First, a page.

Capital gains tax

Capital gains tax (CGT) is levied when you sell or give away an asset that has increased in value.

A flat rate of 18% applies to any “gain” or profit above an annual exempt amount, which stands at £9,600 in the 2008-09 financial year. However, “entrepreneur’s relief” on the disposal of a business effectively reduces the rate to ten per cent on gains of up to £1 million, accumulated during the taxpayer’s lifetime. The relief also applies to gains on disposals of certain shares and assets associated with a qualifying company.

There are exemptions to CGT, including the transfer of assets between married couples and civil partners and the profit on the sale of a principal residence. Other exemptions include gifts to charities, privately-owned cars and personal belongings where the sale proceeds are less than £6,000.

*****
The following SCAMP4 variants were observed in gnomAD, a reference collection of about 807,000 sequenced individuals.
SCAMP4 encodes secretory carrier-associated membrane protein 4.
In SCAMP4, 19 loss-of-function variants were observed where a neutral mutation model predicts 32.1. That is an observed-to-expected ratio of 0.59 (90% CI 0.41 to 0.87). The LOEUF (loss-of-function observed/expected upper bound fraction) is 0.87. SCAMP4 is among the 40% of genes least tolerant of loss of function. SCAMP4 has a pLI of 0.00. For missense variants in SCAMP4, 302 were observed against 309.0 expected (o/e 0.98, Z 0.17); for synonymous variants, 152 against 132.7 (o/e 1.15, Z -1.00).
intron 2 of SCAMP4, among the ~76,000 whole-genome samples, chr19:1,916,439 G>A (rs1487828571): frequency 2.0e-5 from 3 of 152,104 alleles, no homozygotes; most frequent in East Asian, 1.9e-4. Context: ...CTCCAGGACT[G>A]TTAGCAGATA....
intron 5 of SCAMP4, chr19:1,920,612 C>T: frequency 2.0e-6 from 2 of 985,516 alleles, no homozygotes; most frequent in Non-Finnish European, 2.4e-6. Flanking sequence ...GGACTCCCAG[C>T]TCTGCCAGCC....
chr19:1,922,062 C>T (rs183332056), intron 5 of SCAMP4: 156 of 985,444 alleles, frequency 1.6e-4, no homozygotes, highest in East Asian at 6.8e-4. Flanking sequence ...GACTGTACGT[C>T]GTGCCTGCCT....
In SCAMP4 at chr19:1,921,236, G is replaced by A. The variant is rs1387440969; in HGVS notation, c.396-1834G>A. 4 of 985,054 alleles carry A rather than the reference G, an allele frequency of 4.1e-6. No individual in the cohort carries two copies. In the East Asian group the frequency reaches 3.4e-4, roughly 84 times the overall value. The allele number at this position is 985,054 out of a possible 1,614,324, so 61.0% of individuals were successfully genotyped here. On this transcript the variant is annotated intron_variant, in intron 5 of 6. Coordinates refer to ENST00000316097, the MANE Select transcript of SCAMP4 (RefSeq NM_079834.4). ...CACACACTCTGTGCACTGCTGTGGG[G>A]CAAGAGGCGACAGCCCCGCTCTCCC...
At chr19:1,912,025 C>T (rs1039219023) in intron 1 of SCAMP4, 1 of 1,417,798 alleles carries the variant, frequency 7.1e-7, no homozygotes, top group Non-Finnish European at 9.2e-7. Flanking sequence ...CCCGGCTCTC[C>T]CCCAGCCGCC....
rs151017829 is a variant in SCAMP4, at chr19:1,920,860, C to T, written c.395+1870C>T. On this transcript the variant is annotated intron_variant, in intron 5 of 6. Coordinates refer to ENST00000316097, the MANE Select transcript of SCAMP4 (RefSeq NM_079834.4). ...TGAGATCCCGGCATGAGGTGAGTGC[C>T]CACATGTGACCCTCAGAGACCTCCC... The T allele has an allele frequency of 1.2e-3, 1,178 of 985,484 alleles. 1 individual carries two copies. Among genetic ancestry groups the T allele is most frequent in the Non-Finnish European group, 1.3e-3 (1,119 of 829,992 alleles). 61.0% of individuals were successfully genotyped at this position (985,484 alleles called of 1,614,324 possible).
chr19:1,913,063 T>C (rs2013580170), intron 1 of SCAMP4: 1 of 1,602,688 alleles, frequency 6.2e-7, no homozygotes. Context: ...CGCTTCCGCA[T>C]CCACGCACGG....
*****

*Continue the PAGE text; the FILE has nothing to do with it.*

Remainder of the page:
However the sale of a second home, shares or other property, such as antiques or jewellery, which has gained in value, is likely to be liable to CGT.

How to pay: CGT must be paid by 31 January after the end of each tax year. For example Capital Gains Tax on gains made in 2008-09 must be paid by 31 January 2010.

It is paid through the self assessment system, and will normally be calculated as part of your self assessment tax return.

The CGT tax regime is so complex that if you don’t receive a self-assessment tax return, but think you might be subject to CGT or want to claim losses, we recommend that you talk to a professional adviser.

There are numerous ways to pay your capital gains tax to HM Revenue & Customs, including Bacs, cheque, debit card or credit card, direct debit and internet banking.

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